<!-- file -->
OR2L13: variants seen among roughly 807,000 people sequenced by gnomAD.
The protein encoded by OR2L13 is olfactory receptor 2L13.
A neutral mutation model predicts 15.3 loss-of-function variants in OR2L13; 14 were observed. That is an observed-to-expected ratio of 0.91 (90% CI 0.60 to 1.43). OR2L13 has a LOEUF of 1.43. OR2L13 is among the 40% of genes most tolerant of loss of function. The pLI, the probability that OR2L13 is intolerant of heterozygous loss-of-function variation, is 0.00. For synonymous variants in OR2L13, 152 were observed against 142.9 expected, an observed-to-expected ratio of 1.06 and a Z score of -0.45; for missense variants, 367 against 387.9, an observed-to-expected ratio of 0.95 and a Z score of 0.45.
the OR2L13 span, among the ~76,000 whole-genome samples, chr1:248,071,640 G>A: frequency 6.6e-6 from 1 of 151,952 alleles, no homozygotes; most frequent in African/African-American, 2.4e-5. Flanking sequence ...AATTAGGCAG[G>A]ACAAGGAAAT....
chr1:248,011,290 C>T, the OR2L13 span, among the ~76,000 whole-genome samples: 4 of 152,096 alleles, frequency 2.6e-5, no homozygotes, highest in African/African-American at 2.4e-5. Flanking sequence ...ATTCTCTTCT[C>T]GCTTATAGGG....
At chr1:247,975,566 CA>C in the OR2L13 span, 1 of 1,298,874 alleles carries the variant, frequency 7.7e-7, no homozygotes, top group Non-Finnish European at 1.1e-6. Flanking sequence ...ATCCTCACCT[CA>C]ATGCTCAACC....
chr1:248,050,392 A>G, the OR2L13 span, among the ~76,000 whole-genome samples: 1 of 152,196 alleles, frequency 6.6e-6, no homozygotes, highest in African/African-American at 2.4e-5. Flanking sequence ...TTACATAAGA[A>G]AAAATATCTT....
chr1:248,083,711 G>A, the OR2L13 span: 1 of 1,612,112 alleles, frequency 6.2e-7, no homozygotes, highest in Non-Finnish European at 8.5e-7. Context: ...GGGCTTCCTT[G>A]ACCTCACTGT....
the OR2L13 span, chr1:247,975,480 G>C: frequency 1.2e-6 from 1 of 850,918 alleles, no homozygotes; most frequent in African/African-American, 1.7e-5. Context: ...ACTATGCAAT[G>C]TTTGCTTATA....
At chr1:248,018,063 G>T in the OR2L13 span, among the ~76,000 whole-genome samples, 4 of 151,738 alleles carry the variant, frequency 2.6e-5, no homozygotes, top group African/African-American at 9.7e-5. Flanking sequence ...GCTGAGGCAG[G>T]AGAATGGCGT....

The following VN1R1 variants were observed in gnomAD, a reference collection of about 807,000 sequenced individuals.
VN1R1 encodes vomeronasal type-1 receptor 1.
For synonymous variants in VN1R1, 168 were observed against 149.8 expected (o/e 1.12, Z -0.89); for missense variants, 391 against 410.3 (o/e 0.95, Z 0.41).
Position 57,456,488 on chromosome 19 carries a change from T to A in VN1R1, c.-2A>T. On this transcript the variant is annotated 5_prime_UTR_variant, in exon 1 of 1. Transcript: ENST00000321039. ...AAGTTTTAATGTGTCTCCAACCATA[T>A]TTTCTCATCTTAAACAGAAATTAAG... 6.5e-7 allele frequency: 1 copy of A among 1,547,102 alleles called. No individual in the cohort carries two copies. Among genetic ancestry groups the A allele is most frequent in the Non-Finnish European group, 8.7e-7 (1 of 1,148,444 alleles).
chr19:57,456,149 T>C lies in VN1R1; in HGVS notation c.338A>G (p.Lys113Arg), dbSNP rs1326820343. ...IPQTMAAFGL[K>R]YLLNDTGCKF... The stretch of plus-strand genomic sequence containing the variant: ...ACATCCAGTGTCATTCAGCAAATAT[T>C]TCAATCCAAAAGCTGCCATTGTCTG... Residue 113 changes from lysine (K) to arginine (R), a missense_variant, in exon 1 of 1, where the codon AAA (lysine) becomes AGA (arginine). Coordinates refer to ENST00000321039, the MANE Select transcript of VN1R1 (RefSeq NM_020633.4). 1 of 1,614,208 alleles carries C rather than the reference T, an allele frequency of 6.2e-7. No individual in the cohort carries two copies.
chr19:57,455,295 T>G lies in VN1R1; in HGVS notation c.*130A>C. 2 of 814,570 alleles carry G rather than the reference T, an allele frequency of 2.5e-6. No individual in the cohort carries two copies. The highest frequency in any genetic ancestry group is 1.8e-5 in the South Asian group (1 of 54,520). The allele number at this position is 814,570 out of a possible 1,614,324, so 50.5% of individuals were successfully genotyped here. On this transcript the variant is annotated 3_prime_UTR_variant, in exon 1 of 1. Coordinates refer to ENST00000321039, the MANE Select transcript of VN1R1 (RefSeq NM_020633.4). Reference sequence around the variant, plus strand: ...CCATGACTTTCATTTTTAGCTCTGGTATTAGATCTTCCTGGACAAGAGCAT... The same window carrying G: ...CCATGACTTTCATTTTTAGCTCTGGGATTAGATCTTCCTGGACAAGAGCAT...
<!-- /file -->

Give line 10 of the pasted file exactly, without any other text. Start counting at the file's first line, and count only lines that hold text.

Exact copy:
At chr1:248,018,063 G>T in the OR2L13 span, among the ~76,000 whole-genome samples, 4 of 151,738 alleles carry the variant, frequency 2.6e-5, no homozygotes, top group African/African-American at 9.7e-5. Flanking sequence ...GCTGAGGCAG[G>T]AGAATGGCGT....